ORIGINALLY PUBLISHED ON NOV. 8, 2018
By Steve Newton
I’m not sure horror and war go together that well in movies. War is already horrifying enough, and goring it up just seems kinda pointless. But that didn’t stop the makers of Overlord—including hotshot producer J.J. Abrams—from trying their darnedest to find some whacked-out middle ground between Re-Animator and Saving Private Ryan.
Jovan Adepo stars as Boyce, a super-nice, newbie U.S. private on a D-Day mission to parachute behind German frontlines and take out a radio transmitter pivotal to the success of the invasion. After a harrowing opening sequence in which their plane takes enemy fire we pick up with Boyce and his fellow soldiers—including seen-it-all loudmouth Tibbett (John Magaro) and intense, by-the-book Ford (Wyatt Russell)—as they regroup on the ground and set out to accomplish their heroic deed.
Much of the film’s first half is spent depicting how truly nasty Nazis are, as if we didn’t already know. They gleefully empty machine-guns into captured Yanks, randomly execute French villagers, and have their evil ways with the womenfolk. And what’s a good old-fashioned Nazi-bashing without a prim, bespectacled mad doctor and ghastly revelations of secret human experiments?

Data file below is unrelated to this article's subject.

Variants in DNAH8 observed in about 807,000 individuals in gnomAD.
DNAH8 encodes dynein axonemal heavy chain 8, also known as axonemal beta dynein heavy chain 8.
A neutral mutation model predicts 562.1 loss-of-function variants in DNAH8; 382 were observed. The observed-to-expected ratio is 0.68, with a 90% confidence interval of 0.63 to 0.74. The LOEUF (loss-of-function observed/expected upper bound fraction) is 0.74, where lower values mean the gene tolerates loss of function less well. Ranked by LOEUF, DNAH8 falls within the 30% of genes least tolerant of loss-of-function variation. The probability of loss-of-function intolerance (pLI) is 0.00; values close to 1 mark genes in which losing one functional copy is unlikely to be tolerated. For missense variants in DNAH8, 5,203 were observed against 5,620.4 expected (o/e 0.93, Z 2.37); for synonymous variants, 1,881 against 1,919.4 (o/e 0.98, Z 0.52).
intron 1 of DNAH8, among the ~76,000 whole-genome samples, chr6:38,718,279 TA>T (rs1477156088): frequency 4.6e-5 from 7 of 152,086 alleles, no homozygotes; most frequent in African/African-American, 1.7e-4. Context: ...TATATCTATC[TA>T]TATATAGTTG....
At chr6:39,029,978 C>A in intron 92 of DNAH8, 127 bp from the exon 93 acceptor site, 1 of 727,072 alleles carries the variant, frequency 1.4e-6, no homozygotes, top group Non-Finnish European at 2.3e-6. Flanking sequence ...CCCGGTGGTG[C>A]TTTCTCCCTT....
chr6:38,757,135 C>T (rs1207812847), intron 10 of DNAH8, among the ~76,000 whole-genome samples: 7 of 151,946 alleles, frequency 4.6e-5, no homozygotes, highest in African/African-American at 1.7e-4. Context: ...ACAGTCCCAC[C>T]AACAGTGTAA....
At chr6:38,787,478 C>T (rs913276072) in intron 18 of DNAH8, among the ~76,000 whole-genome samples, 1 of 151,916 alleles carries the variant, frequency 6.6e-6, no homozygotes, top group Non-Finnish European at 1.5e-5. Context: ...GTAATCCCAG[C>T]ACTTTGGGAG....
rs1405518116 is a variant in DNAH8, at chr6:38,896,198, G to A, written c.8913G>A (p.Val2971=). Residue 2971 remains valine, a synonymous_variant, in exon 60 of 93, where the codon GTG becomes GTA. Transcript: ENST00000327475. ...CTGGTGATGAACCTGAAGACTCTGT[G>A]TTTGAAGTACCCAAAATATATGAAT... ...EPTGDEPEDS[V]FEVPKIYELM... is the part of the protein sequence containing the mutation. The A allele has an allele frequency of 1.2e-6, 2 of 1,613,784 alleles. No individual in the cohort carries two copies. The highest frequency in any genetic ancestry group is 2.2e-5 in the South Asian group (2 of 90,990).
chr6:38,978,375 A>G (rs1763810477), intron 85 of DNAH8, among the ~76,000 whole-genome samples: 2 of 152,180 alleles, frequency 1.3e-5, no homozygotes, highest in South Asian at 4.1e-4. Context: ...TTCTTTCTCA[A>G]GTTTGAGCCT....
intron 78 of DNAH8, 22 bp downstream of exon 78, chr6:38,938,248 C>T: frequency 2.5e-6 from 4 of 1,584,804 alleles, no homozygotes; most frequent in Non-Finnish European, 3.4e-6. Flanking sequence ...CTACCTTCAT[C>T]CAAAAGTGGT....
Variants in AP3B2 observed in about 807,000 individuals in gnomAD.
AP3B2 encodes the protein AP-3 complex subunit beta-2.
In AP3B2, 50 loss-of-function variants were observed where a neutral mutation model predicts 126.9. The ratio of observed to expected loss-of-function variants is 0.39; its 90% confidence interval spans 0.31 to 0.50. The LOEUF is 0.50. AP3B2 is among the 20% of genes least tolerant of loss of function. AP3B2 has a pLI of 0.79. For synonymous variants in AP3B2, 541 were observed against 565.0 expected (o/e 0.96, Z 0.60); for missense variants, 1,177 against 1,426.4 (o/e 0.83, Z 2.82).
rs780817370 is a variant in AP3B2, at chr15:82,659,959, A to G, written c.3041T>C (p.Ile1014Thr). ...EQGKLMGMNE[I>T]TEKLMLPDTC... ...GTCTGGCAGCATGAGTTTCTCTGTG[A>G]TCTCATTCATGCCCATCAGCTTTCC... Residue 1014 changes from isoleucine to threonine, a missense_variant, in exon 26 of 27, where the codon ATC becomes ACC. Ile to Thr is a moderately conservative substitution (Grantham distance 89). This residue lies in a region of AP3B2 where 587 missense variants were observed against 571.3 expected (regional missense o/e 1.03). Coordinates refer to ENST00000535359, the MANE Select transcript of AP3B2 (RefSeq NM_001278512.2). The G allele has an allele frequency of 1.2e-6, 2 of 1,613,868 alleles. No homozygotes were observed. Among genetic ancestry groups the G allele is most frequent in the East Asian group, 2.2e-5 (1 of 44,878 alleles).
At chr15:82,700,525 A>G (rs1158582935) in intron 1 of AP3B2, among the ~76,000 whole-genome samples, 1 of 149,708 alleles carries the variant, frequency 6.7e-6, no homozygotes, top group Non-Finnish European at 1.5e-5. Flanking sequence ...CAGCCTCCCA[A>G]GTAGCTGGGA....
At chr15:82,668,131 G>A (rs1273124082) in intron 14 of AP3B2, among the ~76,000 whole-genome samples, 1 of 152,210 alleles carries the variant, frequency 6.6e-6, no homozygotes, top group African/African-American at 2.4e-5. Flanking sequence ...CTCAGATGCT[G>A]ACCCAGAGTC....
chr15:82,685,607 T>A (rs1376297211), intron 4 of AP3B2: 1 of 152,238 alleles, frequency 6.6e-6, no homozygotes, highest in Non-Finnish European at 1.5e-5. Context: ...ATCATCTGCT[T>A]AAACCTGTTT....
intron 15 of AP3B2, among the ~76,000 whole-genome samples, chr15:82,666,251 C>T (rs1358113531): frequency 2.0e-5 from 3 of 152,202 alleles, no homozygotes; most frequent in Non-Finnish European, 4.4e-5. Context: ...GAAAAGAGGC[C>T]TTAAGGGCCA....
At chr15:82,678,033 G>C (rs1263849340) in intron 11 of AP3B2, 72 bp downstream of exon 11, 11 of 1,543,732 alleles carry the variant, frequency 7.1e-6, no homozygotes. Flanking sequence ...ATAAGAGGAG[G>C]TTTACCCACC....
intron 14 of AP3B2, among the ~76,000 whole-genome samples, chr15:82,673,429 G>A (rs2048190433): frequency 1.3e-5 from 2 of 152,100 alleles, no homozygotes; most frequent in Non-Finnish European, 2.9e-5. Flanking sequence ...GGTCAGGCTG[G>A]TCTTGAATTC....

Danish actor Pilou Asbæk from Game of Thrones pretty well steals the show with his portrayal of vile Nazi officer Wafner. “A thousand year Reich needs thousand year soldiers!,” he proclaims, referring to the effects of a bright-red serum that, when injected, turns its dead host into a wildly mutating, ultra-powerful killing machine.
The most impressive thing about Overlord—which is otherwise quite wanting as far as the writing and acting goes—is the grisly setpieces created by its devoted team of makeup-FX artists. Hardcore fans of Fangoria, currently basking in the return of its blood-spattered pages to print, seem to be the target audience for the no-holds-barred gruesomeness of the loud and relentless Overkill. Err…Overlord, I mean.
Go here to read more than 350 of my reviews of horror movies released theatrically in North America between 1988 and 2018.